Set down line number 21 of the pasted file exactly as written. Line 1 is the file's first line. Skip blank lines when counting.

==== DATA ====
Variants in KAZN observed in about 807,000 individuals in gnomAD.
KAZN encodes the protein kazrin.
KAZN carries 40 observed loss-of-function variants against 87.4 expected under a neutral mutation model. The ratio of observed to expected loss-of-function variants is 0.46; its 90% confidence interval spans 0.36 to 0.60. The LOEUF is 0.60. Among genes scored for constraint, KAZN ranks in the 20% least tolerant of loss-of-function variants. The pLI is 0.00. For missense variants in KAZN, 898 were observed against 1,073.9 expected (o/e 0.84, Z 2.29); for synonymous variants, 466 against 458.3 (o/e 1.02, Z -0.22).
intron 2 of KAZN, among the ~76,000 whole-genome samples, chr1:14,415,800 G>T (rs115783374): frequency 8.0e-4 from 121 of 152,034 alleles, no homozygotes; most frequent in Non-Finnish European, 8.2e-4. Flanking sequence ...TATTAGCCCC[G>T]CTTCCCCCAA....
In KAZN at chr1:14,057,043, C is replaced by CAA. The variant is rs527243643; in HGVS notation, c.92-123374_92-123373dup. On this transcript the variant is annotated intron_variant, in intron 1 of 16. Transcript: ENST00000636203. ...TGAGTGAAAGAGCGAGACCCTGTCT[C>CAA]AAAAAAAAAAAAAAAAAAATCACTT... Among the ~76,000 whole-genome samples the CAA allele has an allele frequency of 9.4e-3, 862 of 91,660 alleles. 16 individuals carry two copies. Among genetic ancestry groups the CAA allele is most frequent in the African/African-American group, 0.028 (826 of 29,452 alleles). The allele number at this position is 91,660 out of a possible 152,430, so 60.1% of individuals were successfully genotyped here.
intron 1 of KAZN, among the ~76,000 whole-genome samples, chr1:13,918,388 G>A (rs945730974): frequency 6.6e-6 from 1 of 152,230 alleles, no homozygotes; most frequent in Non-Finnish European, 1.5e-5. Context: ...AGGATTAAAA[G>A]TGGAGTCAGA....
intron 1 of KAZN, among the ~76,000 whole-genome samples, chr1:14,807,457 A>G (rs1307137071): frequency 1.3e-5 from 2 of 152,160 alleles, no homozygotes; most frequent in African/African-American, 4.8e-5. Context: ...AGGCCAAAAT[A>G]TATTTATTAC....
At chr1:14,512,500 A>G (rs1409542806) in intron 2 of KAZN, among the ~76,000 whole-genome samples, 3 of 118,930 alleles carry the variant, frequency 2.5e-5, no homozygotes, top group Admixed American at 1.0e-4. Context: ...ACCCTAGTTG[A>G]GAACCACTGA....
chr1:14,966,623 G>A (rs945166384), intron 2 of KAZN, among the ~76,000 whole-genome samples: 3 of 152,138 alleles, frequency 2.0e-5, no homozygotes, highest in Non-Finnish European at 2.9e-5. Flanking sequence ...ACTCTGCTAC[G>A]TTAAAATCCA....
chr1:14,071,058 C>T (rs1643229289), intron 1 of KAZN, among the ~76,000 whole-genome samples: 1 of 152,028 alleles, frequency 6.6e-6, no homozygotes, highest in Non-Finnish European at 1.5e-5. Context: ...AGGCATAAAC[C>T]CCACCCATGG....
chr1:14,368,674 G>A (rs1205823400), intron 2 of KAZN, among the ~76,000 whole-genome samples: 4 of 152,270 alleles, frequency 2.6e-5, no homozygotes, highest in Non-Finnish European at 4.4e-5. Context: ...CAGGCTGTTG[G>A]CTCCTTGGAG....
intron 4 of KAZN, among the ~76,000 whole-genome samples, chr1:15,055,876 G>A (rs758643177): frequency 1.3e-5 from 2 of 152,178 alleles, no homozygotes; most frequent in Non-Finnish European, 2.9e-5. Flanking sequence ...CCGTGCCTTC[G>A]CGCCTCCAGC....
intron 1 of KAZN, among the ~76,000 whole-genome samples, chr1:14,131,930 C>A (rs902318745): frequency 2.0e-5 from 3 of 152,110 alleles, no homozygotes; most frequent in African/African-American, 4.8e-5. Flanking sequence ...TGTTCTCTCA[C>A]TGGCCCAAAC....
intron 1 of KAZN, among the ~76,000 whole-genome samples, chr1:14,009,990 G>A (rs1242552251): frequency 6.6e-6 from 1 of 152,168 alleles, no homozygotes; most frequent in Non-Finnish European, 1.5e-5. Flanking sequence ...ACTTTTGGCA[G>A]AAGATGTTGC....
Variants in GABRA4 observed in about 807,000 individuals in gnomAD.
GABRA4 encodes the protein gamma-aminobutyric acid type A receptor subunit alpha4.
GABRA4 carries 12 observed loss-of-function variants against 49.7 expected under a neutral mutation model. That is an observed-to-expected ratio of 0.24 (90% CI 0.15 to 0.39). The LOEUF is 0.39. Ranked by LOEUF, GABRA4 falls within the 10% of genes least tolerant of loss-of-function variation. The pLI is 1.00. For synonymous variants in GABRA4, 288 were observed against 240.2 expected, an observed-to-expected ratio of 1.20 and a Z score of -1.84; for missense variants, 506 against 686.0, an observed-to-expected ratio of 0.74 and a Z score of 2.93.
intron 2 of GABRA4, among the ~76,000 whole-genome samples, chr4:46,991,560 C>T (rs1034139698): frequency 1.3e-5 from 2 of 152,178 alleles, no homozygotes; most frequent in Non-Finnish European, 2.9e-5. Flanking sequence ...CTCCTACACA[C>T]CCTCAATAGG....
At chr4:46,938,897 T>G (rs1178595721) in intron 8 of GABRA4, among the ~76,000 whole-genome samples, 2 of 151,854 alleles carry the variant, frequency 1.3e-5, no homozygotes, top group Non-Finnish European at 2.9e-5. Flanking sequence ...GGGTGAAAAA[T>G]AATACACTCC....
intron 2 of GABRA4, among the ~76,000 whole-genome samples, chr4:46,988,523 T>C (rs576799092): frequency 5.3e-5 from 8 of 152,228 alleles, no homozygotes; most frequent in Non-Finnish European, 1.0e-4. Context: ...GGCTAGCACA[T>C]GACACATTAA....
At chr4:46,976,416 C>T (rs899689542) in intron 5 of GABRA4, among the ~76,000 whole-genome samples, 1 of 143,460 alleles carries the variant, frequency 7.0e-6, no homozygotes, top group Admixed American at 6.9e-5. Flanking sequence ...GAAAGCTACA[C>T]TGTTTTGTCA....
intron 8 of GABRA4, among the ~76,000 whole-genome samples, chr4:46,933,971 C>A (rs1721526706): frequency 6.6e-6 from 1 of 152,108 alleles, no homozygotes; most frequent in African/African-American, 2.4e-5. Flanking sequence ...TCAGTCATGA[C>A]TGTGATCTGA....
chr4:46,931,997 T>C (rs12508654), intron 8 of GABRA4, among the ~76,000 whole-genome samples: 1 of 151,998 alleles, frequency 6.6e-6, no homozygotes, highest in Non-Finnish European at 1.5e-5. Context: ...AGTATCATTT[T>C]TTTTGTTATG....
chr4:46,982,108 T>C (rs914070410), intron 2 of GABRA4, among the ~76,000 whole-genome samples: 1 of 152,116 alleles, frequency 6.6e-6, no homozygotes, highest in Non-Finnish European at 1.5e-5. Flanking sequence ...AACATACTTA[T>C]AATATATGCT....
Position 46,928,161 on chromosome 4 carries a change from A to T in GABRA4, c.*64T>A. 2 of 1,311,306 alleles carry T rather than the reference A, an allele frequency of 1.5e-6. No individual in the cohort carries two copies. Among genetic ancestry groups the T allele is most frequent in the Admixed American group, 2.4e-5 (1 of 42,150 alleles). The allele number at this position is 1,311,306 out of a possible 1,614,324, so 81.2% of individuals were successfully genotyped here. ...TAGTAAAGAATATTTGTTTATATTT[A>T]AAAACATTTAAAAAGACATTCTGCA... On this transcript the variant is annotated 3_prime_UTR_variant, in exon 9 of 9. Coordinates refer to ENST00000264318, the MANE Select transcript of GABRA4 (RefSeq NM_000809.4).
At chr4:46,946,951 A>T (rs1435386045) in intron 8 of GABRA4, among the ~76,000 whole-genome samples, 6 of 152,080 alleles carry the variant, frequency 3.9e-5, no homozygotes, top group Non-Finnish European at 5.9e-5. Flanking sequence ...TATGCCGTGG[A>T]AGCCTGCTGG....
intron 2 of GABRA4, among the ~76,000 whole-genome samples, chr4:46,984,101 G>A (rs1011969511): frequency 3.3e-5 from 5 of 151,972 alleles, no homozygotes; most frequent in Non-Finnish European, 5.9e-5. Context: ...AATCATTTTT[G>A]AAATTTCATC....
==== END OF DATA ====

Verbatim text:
At chr4:46,976,416 C>T (rs899689542) in intron 5 of GABRA4, among the ~76,000 whole-genome samples, 1 of 143,460 alleles carries the variant, frequency 7.0e-6, no homozygotes, top group Admixed American at 6.9e-5. Flanking sequence ...GAAAGCTACA[C>T]TGTTTTGTCA....